Looking very neat in its RAF glossy desert camouflage, the first of the RNZAF's ten HS780 Andover C.1 transoirt aircraft was ferried into Whenuapai on December 11 at the end of a week long ferry flight from the United Kingdom. Captained by the CO of No.1 Sqn, Sqn Ldr George Oldgield, NZ7624 flew from the RAAF strike base at Amberley, Queensland, on the last leg of a 12,000 mile journey from RAF Brize Norton in south-west England where the training of RNZAF crews is being carried out by RAF's 241 Operational Conversion Unit.
As well as the four man crew (Sqn Ldr Oldfield, pilot; Fg Off Dick Newlands, copilot; Sqn Ldr Ovor Roberts, navigator; and Master Air Loadmaster Ron Hayward, loadmaster) the first Andover carried eight maintenance personnel who will carry out the training of ground crews on Nos 1 & 42 Sqns, which will re-equip with the new aircraft in 1977.
Late last year, four adventurous members of the Wellington Aero Club decided to try their luck and skill in competing in the 1976 Australian air race from Perth to Sydney, the biggest of its kind in the Southern Hemisphere. The four, Rick Rimmer, David Gollop, Lurlene Stewart and Peter Mardon, made up a crew for Rick Rimmer's Turbo-Centurion ZK-DRI, to be the only New Zealand entrant in the race.
One other aspect of sport flying that is becoming popular in this part of the world is air rallying, and a feature of the homebuilt calendar in this country is the annual Te Kuiti to Dargaville rally organised by the Northland chapter of the Amateur Aircraft Constructors' Association, which is described in this article by Jim Barrowclough of Morrinsville.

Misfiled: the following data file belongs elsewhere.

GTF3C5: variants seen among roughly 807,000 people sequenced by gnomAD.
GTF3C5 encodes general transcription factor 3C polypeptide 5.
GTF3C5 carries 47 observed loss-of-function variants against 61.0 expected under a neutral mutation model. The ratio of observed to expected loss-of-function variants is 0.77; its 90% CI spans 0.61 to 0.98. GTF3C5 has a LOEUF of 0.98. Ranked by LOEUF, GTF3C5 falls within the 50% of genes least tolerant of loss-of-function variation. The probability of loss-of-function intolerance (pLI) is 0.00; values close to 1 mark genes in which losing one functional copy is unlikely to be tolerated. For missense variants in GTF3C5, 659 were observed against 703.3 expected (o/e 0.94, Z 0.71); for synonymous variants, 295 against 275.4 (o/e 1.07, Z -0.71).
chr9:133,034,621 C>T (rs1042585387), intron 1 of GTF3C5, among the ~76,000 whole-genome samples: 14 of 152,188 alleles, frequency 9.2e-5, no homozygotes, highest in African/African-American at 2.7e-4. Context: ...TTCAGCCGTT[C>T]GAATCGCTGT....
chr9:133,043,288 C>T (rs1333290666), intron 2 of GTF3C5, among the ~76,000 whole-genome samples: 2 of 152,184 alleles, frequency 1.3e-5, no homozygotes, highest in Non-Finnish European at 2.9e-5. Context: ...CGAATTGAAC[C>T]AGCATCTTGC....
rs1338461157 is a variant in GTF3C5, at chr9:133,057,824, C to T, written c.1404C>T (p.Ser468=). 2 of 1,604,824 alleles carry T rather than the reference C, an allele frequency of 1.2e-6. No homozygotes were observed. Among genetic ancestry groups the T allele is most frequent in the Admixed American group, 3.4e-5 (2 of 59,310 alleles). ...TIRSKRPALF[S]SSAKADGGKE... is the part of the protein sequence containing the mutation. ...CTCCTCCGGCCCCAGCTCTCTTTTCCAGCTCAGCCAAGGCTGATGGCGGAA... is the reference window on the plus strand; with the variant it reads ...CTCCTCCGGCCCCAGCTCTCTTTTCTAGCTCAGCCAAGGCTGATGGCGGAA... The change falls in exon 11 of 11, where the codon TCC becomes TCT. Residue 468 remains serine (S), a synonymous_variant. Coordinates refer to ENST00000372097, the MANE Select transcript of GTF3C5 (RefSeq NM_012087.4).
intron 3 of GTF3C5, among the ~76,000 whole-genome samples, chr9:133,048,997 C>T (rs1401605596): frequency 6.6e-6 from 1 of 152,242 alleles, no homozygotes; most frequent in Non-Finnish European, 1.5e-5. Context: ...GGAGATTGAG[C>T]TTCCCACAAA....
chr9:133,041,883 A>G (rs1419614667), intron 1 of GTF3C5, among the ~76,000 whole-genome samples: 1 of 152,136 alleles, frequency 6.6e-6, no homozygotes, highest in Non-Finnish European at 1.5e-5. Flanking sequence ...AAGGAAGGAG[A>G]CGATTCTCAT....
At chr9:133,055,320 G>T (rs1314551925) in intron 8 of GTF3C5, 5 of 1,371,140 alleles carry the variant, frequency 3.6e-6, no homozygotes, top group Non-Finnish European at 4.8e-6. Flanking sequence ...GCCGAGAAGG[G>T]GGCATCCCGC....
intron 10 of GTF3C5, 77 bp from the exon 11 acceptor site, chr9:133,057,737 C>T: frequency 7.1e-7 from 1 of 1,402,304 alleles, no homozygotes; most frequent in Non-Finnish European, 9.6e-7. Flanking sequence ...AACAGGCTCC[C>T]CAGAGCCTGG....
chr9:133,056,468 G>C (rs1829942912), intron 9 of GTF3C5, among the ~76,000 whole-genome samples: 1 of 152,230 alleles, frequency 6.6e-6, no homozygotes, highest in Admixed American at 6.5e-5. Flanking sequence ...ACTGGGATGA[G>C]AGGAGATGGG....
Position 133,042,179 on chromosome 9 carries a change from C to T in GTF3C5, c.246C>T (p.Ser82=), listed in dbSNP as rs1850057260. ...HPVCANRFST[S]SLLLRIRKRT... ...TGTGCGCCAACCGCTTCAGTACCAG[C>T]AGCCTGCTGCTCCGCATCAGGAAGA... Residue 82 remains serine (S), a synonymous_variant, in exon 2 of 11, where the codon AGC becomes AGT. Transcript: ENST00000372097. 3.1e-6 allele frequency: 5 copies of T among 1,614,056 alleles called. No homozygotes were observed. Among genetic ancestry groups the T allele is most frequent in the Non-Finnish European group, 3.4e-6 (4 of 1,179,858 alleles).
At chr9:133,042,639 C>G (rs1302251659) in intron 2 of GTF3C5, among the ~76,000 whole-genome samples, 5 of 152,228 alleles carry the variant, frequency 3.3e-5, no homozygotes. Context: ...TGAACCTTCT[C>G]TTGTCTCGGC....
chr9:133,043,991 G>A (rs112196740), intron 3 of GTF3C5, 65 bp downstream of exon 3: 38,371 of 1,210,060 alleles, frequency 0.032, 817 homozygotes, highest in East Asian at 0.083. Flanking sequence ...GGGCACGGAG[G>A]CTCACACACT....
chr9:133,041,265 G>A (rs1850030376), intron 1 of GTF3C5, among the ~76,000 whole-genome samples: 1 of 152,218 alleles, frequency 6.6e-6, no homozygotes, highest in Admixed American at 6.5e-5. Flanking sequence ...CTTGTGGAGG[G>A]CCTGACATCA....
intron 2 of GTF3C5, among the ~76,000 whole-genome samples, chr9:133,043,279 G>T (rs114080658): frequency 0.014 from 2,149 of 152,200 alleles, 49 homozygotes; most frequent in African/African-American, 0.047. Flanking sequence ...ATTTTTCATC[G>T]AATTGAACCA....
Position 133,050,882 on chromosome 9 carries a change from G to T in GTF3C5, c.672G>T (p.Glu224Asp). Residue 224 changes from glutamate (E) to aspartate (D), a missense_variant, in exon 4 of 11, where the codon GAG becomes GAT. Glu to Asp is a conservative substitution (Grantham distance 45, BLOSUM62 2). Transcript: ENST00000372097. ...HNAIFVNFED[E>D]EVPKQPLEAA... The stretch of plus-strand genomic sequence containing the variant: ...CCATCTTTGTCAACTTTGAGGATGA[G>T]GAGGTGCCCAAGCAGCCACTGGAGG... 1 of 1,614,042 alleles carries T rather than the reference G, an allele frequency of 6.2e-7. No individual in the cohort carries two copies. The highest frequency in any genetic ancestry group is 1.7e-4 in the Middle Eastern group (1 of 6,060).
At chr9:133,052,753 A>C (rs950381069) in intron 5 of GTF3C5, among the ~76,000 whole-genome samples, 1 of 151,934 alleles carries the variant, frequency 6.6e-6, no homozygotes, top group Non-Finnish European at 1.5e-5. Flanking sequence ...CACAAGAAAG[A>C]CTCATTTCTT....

AFTER two decades of spectacular growth, National Airways now faces a hard slog into the 1980's. This was the message conveyed by NAC's chief executive and general manager, Mr Doug Patterson, in an address looking at the next 10 years of the airline.
EVERY year, towards the festive season, a horde of aircraft descend on the forests of the central North Island in the annual battle against the dothistroma blight, the scourge of the country's valuable stands of export earnings. The 1976 season saw nine helicopters and 15 fixed-wing aircraft from five companies take part in the spraying operation, which covered some 61,200 hectares.
To be able to glide through the air like a bird has long been an ambition of man — an ambition which is today realised by many glider pilots; flying their gliders for maximum range has become one of the most demanding but satisfying variations of their sport. But what of gliding a powered aircraft to achieve maximum distance ... say following an engine failure or fuel starvation?
THIS month's Review covers a somewhat longer period than usual, namely seven weeks, and the allocations cover an interesting variety of aircraft, including two new types to the New Zealand register. Looking rust at the helicopters, the Bell 206B JetRanger-II ZK-HKD is a brand-new example, and was assembled in the Air New Zealand hangar at Mangere before being delivered to Whirlwide Helicopters Ltd, Timaru, on December 16. A second JetRanger-H registered HEE was assembled in the following week for delivery to Alpine Helicopters Ltd, Queenstown.